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What are the Important Array Methods of JavaScript ?

  • Difficulty Level : Easy
  • Last Updated : 05 Nov, 2021

In this article, we will try to understand various important Array methods (like push(), pop(), and so on) with the help of certain examples.

Let us first understand how we can create an array in JavaScript by using certain syntax provided.

Syntax:

We can use the following syntax to create an array with ease (i.e. by using these [] literals).

let array = [element1, element2, .....]

Alternatively, we may also use the Array class (using new keyword along with the Array class default constructor) for creating new Array elements, but it is always recommended that we must prefer using the above literal syntax.

let array = new Array (element1, elemnet2, .....);

Example: 

Javascript




<script>
let array = ['Hello'
    'GeeksforGeeks', 'JavaScript'];
console.log(array);
  
let newArray = new Array ('Hello'
    'GeeksforGeeks', 'JavaScript');
console.log(newArray);
</script>

The output of the above code snippet would be as follows-

['Hello', 'GeeksforGeeks', 'JavaScript']
['Hello', 'GeeksforGeeks', 'JavaScript']

Now that we have understood the creation of an array with the help of an example, let us now jump into several methods which are associated with the array.

JavaScript Array Methods:

1. push() method: This method is used to push the elements from the end into an array.

Example: 

Javascript




<script>
  
let array = ['Hello'
    'GeeksforGeeks', 'JavaScript'];
      
array.push('React');
console.log(array);
  
</script>

The output of the above code snippet would be as follows-

[ 'Hello', 'GeeksforGeeks', 'JavaScript', 'React' ]

2. pop() method: This method deletes the last element present in the array.

Example: 

Javascript




<script>
let array = ["Hello", "GeeksforGeeks", "JavaScript"];
let lastElement = array.pop();
console.log(lastElement);
console.log(array);
</script>

The output of the above code snippet would be as follows-

JavaScript
[ 'Hello', 'GeeksforGeeks' ]

3. shift() method: This method is used to delete the first element from the array.

Example: 

Javascript




<script>
let array = ["Hello", "GeeksforGeeks", "JavaScript"];
let firstElement = array.shift();
console.log(firstElement);
console.log(array);
</script>

The output of the above code snippet would be as follows-

Hello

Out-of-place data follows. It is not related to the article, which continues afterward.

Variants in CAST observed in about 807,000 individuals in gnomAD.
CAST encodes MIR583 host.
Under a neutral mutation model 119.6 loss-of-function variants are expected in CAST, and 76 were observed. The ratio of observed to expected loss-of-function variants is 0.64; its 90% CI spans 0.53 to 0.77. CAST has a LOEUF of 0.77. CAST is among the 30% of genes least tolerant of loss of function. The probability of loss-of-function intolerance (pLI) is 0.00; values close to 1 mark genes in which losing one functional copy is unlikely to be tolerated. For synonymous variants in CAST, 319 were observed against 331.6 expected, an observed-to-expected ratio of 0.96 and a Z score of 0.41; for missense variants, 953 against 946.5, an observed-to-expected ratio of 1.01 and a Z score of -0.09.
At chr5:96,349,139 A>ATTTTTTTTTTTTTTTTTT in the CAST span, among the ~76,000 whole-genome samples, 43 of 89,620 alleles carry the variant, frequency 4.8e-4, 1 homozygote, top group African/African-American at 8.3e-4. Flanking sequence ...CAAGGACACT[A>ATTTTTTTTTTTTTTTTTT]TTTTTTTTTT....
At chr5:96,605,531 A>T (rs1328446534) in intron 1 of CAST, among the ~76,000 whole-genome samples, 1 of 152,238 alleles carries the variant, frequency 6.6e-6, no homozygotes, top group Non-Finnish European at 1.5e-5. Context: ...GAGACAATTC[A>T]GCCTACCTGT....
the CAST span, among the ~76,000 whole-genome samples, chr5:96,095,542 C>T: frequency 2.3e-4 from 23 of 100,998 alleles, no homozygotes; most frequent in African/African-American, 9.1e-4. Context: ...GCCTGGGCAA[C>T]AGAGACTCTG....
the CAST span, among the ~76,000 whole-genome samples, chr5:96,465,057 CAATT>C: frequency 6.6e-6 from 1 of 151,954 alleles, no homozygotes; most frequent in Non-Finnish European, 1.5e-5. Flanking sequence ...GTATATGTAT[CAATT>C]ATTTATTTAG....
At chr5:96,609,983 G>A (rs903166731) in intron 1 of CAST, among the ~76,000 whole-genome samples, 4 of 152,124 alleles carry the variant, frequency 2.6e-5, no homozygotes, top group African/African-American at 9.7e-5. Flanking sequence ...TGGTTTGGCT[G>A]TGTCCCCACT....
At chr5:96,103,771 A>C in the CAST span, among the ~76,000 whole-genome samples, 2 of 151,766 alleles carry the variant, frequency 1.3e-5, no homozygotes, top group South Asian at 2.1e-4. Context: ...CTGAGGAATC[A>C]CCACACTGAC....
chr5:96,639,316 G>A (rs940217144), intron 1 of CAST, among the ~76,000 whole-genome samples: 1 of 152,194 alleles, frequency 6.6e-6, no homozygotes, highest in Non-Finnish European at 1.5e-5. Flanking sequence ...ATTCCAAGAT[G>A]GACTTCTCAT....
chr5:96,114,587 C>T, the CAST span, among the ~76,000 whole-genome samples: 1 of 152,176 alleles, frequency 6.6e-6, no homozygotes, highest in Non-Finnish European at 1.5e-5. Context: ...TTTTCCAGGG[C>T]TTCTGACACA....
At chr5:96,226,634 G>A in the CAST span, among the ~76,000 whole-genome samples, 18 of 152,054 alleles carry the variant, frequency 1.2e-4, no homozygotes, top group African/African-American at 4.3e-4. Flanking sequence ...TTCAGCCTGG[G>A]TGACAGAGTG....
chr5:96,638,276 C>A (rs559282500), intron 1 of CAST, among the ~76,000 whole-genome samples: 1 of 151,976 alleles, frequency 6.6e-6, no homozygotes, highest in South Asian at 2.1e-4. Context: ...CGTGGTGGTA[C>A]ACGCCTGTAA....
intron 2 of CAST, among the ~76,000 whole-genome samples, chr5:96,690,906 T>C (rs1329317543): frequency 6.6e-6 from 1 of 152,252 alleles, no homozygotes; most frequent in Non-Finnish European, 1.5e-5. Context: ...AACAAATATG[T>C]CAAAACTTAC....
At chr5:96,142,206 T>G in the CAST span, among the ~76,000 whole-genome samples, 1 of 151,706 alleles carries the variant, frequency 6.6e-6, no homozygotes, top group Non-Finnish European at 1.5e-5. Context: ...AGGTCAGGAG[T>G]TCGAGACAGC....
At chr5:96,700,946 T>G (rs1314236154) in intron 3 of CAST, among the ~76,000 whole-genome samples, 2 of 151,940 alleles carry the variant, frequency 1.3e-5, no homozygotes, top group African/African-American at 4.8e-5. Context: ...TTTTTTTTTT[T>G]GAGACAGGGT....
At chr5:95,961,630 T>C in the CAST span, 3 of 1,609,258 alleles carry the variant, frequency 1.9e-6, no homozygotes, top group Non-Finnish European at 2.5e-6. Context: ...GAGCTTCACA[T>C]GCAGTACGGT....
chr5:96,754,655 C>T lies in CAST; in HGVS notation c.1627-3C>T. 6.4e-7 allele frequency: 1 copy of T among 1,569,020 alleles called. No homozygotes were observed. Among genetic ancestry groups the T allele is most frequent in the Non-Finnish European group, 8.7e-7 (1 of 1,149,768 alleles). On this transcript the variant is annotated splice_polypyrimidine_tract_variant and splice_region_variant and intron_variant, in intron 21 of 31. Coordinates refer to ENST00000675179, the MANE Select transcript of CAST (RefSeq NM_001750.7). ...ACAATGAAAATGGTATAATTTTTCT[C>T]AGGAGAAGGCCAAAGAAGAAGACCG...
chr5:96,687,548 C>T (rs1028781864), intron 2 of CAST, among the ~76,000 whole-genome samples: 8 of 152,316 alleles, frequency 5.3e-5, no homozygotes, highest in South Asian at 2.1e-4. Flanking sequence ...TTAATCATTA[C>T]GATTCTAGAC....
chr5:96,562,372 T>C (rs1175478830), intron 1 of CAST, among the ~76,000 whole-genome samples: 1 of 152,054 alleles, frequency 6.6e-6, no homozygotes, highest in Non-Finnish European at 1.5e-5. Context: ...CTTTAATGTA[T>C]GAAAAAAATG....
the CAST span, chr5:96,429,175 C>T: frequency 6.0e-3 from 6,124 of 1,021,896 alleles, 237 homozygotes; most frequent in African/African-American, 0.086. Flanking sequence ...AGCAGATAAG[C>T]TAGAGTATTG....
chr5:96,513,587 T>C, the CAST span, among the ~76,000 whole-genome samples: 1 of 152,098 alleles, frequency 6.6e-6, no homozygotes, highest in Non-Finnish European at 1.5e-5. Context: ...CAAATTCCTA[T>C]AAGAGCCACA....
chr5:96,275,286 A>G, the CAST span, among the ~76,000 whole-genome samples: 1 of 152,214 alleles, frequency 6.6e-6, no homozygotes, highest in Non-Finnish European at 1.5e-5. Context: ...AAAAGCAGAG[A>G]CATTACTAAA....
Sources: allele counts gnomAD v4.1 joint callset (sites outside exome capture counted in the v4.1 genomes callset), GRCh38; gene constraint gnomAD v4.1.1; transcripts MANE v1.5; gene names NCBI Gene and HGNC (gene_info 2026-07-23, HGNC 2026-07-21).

[ 'GeeksforGeeks', 'JavaScript' ]

4. unshift() method: This method is used to add the elements in the array from the front side.

Example: 

Javascript




<script>
let array = ["Hello", "GeeksforGeeks", "JavaScript"];
array.unshift("React");
console.log(array);
</script>

The output of the above code snippet would be as follows-

[ 'React', 'Hello', 'GeeksforGeeks', 'JavaScript' ]

5. indexOf() method: This method is used to find the index of a particular element in an array.

Example: 

Javascript




<script>
let array = ["Hello", "GeeksforGeeks", "JavaScript"];
console.log(array.indexOf('GeeksforGeeks'));
</script>

The output of the above code snippet would be as follows-

1

6. includes() method: This method is used to check whether the array contains the specified element or not.

Example: 

Javascript




<script>
let array = ["Hello", "GeeksforGeeks", "JavaScript"];
console.log(array.includes("GeeksforGeeks"));
console.log(array.includes("React"));
</script>

The output of the above code snippet would be as follows-

true
false

7. concat() method: This method is used to concat or basically join two different arrays from end to end.

Example:

Javascript




<script>
let firstArray = ["Hello"
    "GeeksforGeeks", "JavaScript"];
      
let secondArray = ["React"];
  
let newArray = firstArray.concat(secondArray);
  
console.log(firstArray);
console.log(secondArray);
console.log(newArray);
</script>

The output of the above code snippet would be as follows-

[ 'Hello', 'GeeksforGeeks', 'JavaScript' ]
[ 'React' ]
[ 'Hello', 'GeeksforGeeks', 'JavaScript', 'React' ]

8. forEach() method: This method works as a loop over an array where for every element the function just runs for once only. This method is useful as a purpose of reducing the syntax of for-loop, but this method doesn’t return anything in its output.